2Questions What are the steps in the food flow process? How is food cost determined?How is food cost percentage determined?How are standard portion costs established?What is the difference between AP and EP cost?What is a recipe yield?What tools can be used in controlling portion?How can an operation monitor food production and cost?What methods can be used to price a menu?
3Flow of food Establish control during all 7 stages Purchasing: Establishing good quality standards is essential in acquiring and producing consistent top-quality product.Receiving: Trained management and staff ensuring quality standardsStorage: Monitor units and what’s in themIssuing: Inventory control, record keeping (selling/theft)Preparation: product used to fullest, exact specsCooking: Cooked and portioned correctlyService: Good service, orders taken correctly
4Determine Food Cost(Opening inventory + purchases = total food available) – Closing inventory = Total food costSome refine by subtracting employee meals, comps, food transfer to other locationFood Cost: the actual dollar value of the food used by an operation during a certain period of timeIt includes the cost incurred when a food is consumed for any reason: sold, given away, wasted spoiled, incorrectly prepped, overportioned, overproduced, pilfered
5Determine Food Cost Percentage Total food cost / Sales =Food cost percentageFood Cost Percentage is the relationship between sales and the cost of foodUsually determined by managementOften compared to company/industry standards, or historical costsThe relationship becomes unbalanced when cost controls are not followed
6Standard Portion Costs For each standardized recipe, establish a standard portion cost (exact amount each serving should cost)A recipe cost card should exist for every multiple- ingredient item on the menu27# profit26# profit25# profit.10x50x6x50=1500x20=$30,000 yr.
7AP/EP AP EP “As purchased” “Edible portion” Price/product before accounting for trim and waste? “10 pounds of onion, diced”EP“Edible portion”Price/product after accounting for trim and waste? “10 pounds of diced onion”Ultimately easiest and most exact wayAdjust price: /yp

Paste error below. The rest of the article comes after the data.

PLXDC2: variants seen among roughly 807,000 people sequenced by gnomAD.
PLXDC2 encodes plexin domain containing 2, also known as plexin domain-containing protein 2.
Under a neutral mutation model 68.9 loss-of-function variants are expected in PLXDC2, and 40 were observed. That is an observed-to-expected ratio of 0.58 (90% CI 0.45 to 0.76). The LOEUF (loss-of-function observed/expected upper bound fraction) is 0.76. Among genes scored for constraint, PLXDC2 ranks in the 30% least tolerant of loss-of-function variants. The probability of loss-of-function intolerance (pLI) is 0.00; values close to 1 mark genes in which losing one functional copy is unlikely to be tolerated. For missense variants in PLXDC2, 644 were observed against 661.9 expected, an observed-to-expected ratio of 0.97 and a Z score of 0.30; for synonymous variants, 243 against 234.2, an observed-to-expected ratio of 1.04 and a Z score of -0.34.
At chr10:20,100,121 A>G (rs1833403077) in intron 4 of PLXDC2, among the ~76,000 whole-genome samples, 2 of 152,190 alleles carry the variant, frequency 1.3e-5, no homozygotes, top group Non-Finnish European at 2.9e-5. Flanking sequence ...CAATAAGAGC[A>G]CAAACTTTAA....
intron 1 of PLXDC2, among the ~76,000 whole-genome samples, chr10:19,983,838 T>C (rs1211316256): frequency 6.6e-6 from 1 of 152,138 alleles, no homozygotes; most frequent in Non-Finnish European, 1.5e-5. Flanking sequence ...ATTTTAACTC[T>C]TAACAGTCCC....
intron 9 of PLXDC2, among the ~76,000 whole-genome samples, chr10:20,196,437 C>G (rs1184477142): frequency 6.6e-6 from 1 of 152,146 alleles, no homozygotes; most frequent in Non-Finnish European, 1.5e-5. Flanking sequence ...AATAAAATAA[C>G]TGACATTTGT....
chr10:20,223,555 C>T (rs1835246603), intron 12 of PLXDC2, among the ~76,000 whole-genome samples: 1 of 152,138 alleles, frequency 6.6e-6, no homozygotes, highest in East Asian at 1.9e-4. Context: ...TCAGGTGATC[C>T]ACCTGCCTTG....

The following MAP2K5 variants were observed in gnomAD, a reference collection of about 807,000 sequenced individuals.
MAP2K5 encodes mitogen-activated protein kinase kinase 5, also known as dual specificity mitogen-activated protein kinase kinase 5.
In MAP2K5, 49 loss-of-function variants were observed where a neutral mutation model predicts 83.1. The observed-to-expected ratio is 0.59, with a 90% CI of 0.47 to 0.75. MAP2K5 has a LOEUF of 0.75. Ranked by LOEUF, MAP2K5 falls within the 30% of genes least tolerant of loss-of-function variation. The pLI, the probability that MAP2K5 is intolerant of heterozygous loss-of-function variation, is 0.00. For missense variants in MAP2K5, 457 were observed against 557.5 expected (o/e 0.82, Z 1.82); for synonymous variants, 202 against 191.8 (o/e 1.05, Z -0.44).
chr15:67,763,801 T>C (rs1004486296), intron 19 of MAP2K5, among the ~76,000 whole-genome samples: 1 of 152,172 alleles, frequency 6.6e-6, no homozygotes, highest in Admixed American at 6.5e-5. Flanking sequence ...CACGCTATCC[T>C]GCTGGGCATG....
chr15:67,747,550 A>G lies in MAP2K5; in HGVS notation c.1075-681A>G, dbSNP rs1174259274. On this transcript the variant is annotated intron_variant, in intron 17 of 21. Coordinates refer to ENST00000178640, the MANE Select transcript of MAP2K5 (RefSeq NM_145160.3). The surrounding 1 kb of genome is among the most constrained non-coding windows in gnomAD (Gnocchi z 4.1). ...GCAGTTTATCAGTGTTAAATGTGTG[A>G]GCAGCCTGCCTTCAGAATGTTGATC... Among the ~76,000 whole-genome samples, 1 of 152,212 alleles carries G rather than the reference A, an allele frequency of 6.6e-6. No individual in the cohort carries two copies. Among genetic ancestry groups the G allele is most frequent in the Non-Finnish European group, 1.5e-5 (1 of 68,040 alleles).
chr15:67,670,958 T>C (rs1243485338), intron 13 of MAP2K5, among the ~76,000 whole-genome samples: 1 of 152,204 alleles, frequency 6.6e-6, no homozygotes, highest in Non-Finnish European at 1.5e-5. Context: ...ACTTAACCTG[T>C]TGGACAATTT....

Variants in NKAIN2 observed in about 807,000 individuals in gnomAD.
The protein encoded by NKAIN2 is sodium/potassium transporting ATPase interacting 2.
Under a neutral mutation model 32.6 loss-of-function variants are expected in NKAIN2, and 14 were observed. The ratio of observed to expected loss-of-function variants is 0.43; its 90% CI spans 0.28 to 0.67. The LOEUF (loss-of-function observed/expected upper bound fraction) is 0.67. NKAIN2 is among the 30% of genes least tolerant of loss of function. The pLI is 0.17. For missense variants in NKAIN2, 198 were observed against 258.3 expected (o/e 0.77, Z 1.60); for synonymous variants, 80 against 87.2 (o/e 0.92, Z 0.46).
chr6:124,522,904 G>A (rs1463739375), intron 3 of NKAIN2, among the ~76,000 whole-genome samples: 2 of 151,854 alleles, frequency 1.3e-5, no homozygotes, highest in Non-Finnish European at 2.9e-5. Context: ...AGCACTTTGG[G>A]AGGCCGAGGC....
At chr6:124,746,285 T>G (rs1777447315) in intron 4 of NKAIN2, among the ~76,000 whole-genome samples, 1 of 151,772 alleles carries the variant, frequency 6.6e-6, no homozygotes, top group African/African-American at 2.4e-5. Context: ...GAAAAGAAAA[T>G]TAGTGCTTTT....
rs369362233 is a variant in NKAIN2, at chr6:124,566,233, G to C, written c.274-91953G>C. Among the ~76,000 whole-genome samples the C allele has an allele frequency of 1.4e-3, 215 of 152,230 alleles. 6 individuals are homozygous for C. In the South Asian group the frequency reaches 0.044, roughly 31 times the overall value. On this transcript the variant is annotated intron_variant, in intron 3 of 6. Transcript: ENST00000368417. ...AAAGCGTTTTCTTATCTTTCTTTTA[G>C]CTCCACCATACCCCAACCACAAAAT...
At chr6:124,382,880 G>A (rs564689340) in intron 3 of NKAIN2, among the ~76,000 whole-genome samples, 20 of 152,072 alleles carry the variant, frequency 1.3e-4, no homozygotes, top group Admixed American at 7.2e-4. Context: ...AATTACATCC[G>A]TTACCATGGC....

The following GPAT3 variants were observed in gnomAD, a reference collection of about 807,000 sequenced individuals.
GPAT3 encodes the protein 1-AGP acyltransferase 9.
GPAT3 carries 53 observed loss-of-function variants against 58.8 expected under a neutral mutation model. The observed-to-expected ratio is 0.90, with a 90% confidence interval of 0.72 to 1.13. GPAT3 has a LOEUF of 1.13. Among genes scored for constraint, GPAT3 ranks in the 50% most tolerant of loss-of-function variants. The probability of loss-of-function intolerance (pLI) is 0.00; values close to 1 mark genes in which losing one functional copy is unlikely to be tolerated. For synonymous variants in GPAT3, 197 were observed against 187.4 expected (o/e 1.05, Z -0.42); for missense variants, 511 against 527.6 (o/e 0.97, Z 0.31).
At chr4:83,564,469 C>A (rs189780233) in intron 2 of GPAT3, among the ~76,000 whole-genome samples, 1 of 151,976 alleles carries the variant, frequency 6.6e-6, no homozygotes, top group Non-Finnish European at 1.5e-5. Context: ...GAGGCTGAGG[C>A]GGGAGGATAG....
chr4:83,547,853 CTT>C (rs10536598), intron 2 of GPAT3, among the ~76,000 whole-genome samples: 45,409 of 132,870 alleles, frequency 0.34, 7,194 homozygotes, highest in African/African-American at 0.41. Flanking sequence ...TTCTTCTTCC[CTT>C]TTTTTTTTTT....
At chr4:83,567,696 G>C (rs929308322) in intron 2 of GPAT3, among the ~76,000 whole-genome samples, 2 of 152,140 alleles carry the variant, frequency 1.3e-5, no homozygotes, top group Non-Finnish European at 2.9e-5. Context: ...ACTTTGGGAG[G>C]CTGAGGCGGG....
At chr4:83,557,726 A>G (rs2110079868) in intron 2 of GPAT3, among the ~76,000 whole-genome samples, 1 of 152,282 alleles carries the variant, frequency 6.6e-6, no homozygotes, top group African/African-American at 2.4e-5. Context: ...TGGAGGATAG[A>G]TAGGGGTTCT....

8Recipe Yields Determine recipe yield: Calculate total yield of recipe (weight or volume)Weigh or measure major ingredientsTake cooking loss into accountDivide total volume by portion sizeConvert recipe yield: CF = D/O Conversion factor = desired yield / original yield
10Monitoring Production Volume and Cost How much to make? GoldilocksFood Production Chart- shows how much product should be produced by the kitchen during a given meal periodProduction Sheet- lists all menu items being prepared for a given dateSales History- record of number of portions of every item sold on a menuRecords serve as a basis for a sales history used to forecast future sales and production
12Menu Pricing Menu is the primary sales tool Should reflect overall cost of running operationPurchasePrepareServeLaborRentUtilities
13Contribution Margin Method Contribution Margin is the portion of dollars a menu item contributes to overall profitsThis method represents a menu items profits in relation to its portion sizeGross food sales – cost of food = Gross profit or Total Contribution Margin / number of customers100,000 – = 60,000 / 30,000 = $2.00 contributed to overhead and profit
14Straight Mark-up Method Multiply raw food cost by a pre-determined fraction$0.63 x 2/3 = $0.42$ $0.63 =$ 1.05
15Average Check MethodTotal revenue is divided by the number of seats, average seat turnover, and days open in one yearGives an idea of the price range of itemsUse this range, along with approximate food cost percentage to determine selling price